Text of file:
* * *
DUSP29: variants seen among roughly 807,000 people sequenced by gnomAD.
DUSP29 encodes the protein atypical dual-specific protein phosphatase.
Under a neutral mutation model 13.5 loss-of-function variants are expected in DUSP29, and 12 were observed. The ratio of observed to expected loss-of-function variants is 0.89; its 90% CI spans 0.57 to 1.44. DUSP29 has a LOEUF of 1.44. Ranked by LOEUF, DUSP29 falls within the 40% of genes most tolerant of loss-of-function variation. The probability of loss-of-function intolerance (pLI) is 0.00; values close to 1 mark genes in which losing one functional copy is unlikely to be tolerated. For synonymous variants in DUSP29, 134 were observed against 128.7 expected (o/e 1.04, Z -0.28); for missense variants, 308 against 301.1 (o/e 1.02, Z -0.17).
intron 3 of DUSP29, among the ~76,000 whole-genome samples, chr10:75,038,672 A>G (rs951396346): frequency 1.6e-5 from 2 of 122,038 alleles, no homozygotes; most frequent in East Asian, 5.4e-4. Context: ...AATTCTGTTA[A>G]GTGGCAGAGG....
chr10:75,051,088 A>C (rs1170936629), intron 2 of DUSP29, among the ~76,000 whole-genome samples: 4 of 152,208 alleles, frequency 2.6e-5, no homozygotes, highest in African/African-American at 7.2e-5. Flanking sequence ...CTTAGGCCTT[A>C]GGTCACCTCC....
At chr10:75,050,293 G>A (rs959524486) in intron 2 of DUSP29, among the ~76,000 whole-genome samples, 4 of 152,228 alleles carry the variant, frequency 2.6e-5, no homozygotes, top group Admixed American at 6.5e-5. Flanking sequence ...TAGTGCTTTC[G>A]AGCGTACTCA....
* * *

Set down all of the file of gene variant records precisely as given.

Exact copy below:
DUSP29: variants seen among roughly 807,000 people sequenced by gnomAD.
DUSP29 encodes the protein atypical dual-specific protein phosphatase.
Under a neutral mutation model 13.5 loss-of-function variants are expected in DUSP29, and 12 were observed. The ratio of observed to expected loss-of-function variants is 0.89; its 90% CI spans 0.57 to 1.44. DUSP29 has a LOEUF of 1.44. Ranked by LOEUF, DUSP29 falls within the 40% of genes most tolerant of loss-of-function variation. The probability of loss-of-function intolerance (pLI) is 0.00; values close to 1 mark genes in which losing one functional copy is unlikely to be tolerated. For synonymous variants in DUSP29, 134 were observed against 128.7 expected (o/e 1.04, Z -0.28); for missense variants, 308 against 301.1 (o/e 1.02, Z -0.17).
intron 3 of DUSP29, among the ~76,000 whole-genome samples, chr10:75,038,672 A>G (rs951396346): frequency 1.6e-5 from 2 of 122,038 alleles, no homozygotes; most frequent in East Asian, 5.4e-4. Context: ...AATTCTGTTA[A>G]GTGGCAGAGG....
chr10:75,051,088 A>C (rs1170936629), intron 2 of DUSP29, among the ~76,000 whole-genome samples: 4 of 152,208 alleles, frequency 2.6e-5, no homozygotes, highest in African/African-American at 7.2e-5. Flanking sequence ...CTTAGGCCTT[A>C]GGTCACCTCC....
At chr10:75,050,293 G>A (rs959524486) in intron 2 of DUSP29, among the ~76,000 whole-genome samples, 4 of 152,228 alleles carry the variant, frequency 2.6e-5, no homozygotes, top group Admixed American at 6.5e-5. Flanking sequence ...TAGTGCTTTC[G>A]AGCGTACTCA....